“Trends serve to help reconnect consumers with the natural world”
The future for gardening looks joyful, and connecting with Mother Nature just may be the saving grace of the planet. This bold prediction comes from Garden Media Group’s “2019 Garden Trends Report: Rooted Together—ReconnectingT with the Natural World.”
The 18th annual report dives deep into the fundamental relationship people have with nature and how banding together is the best defense to protect Earth. The report introduces eight industry trends that garden centers and consumers alike can utilize for years to come. Today’s society is moving from me to she—from self-care to caring for Mother Nature. Nurturing the planet in turn becomes an oasis for our mental and physical health. The next generation is setting the pace in care for nature and plants.
“We are finding joy in nature to achieve peace and purpose,” says Katie Dubow, creative director at the trend-spotting firm. “Our 2019 Garden Trends report showcases trends in design, color and technology that will strengthen our relationship with Mother Nature.”
Florists, garden centers and nurseries can use these trends to attract new consumers. Knowing what trends are leading the green industry enables businesses to stay on top of what customers want in their living rooms and boardrooms, as well as their gardens and outdoor spaces.
“For the floral industry, reconnecting with nature means a boom in the sale of indoor plants and using more natural objects in design,” says Dubow. “Bringing the outdoors inside is going to drive sales, especially with millennials.” Here’s a snapshot of five of the eight trends in the report, which is available for free download in its entirety at grow.gardenmediagroup.com /2019-garden-trends-report.
1. Indoor Generation
Ninety percent of people spend nearly 22 hours a day inside—creating a noticeable lack in sunlight and fresh air. Children spend, on average, less than one hour per day outside. Since getting outdoors more often is not always an option, we can bring the outside in with houseplants. The O2 for You line of plants from Costa Farms, will help clean indoor air, so you can breathe fresh air inside. “This is a great campaign for the floral industry to adopt,” suggests Dubow.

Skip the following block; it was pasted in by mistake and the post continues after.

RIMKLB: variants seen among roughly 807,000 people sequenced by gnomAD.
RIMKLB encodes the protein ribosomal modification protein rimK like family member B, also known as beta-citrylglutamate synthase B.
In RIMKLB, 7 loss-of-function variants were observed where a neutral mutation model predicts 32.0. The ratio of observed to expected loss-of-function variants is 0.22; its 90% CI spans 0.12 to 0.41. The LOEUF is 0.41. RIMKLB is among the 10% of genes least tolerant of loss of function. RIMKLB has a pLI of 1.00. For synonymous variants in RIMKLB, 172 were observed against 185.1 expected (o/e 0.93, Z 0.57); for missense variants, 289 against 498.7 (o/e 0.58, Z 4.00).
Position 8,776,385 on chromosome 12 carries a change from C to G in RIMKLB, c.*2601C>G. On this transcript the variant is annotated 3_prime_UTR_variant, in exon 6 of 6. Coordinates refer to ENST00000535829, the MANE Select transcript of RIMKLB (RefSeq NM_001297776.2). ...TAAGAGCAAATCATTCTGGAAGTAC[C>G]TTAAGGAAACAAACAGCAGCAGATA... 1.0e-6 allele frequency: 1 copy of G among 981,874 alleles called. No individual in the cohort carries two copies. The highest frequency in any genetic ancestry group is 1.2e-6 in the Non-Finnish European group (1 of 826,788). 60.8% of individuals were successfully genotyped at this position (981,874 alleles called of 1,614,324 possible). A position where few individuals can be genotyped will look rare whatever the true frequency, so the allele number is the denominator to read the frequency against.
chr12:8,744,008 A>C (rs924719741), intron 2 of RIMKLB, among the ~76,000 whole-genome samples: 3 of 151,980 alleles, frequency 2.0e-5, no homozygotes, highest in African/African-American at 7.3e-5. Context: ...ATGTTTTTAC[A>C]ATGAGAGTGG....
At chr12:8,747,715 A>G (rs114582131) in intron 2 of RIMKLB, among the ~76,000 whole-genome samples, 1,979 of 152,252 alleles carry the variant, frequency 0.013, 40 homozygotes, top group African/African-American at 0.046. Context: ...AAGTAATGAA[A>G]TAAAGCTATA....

The connection to and nurturing of houseplants has created a whole new generation of plant parents. Millennials are finding out houseplants are more than just plants—they are collecting them, nurturing them and sharing photos of their “loves” on social media. In addition, a series of infographics from the National Initiative for Consumer Horticulture (NICH) shows all the health and wellness benefits of having live plants indoors.
2. Screen Age
In order to cultivate the next outdoor generation, it’s our duty to be aware of habits with screen time. It’s not a shock that we are addicted to technology. Turning off the blue lights, spending less time in front of the TV, putting down our phone and tuning into Mother Nature will make a world of difference.
Prune screen time, and plant the seed of creativity in the garden. Get children excited about growing new foods right in their own yard. Plant compact and thornless berry bushes, such as the “Bushel and Berry Collection” from Star Roses and Plants, outside your door for a fun snack.
3. Moon Struck
Our connection with the moon taps into our desire to tune in with nature. For ages, gardeners have turned toward the moon for advice on the best time to plant, prune and harvest. Legend has it that the phases of the moon even affect plant growth.
Moon gardens shine at night with flowers in hues of white and silver blue that will reflect the moonlight and glow. White Muscari, Bulb.com’s “2019 Bulb of the Year,” is the perfect match for this celestial trend. Add insect-repelling plants and night-blooming flowers to enable consumers to enjoy their gardens at all hours.
Offering moon flowers or floral designs in different shades of “moon glow” white will feed into this trend.
4. Get Minted
Mint is the color of 2019. People will be refreshed by the soft neutral color, which harmonizes science and technology with plant life and nature. It drives us away from ultrafeminine hues such as millennial pink to more gender-neutral colors.
Mint is especially no stranger to gardeners. The ancient herb translates over to food with its healing benefits, improving gut health and aiding in digestion. Plus, it’s a great pollinator plant for bees and butterflies.
5. Golden Hearts
There’s a big movement happening to give Mother Nature a lending hand. Called the “new environmentalists,” these young people have hit a breaking point.
They are more involved through volunteering. We are at the highest volunteer rate in the last 40 years. From the “Million Pollinator Garden Challenge,” and the partnership with Microsoft, FFA and the Collegiate Plant Initiative, Gen Z is becoming more hands on.
“One of the first times a young adult cares for a houseplant is in college,” says Dubow. “The floral industry can tap into the Collegiate Plant Initiative, a group of volunteers connecting students with plants and flowers, and make houseplants a back-to-school staple.” Helping connect a new generation with the benefits of living with/in nature and tapping into their desire to do what is right for planet Earth is a great strategy to build customers for life.
Garden Media Group, celebrating 30 years, ignites buzz for clients, offers innovative public relations campaigns and secures top media placements and partnerships. The boutique PR and marketing firm is known as the best in the home, garden, horticulture, outdoor living, and lawn and landscape industries. The annual “Garden Trends Report” is one of the most published garden studies in trade and consumer news.